Core inflation which excludes energy and food prices that tend to be more volatile than other prices, has risen to one and three-quarters percent. As the transitory influences of earlier declines in energy prices and prices of imports continue to fade, and as the job market strengthens further we expect overall inflation to rise to 2 percent over the next couple of years. Our inflation outlook rests importantly on our judgment that longer run inflation expectations remain reasonably well anchored. Market based measures of inflation compensation have moved up considerably, but are still low. Survey based measures of longer run inflation expectations are on balance little changed. Of course, we remain committed to our 2 percent inflation objective, and will continue to carefully monitor actual and expected progress towards this goal. Let me now turn to the economic projections that were submitted for this meeting by committee participants. As always, they condition their projections on their own individual views of appropriate monetary policy, which in turn depend on each participant’s assessment of the multitude of factors that shape the outlook.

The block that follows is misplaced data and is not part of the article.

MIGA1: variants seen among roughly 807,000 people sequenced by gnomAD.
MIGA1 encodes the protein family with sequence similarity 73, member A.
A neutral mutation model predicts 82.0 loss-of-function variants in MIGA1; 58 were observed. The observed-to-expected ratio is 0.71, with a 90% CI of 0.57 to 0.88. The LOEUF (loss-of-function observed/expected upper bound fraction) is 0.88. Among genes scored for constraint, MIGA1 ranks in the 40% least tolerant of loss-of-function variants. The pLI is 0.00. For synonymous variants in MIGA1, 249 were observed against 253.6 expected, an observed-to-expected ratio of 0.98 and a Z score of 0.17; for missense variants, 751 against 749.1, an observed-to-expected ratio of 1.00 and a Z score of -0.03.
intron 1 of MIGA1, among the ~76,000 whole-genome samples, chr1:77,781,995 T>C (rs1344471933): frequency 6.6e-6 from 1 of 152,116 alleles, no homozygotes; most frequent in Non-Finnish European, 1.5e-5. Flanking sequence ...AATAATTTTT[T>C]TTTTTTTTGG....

The median projection for growth of inflation adjusted gross domestic product rises from 1.9 percent this year to 2.1 percent in 2017, and stays close to 2 percent in 2018 and 2019, slightly above its estimated longer run rate. The median projection for the unemployment rate stands at 4.7 percent in the fourth quarter of this year. Over the next three years, the median unemployment rate runs at 4.5 percent, modestly below the median estimate of its longer run normal rate. Finally, the median inflation projection is 1.5 percent this year, and rises to 1.9 percent next year, and 2 percent in 2018 and 2019. Overall, these economic projections are very similar to those made in September. GDP growth is a touch stronger. The unemployment rate is a shade lower. And inflation beyond this year is unchanged. Returning to monetary policy, the committee judged that a modest increase in the federal funds rate is appropriate in light of the solid progress we have seen toward our goals of maximum employment and 2 percent inflation. We continue to expect that the evolution of the economy will warrant only gradual increases in the federal funds rate over time, to achieve and maintain our objectives, that is based on our view that the neutral nominal federal funds rate, that is the interest rate that is neither expansionary nor contraction airy and keeps the economy operating on a even keel is currently quite low by historical standards. With the federal funds rate only modestly below the neutral rate, we continue to expect that gradual increases in the federal funds rate will likely be sufficient to get to a neutral policy stance over the next few years.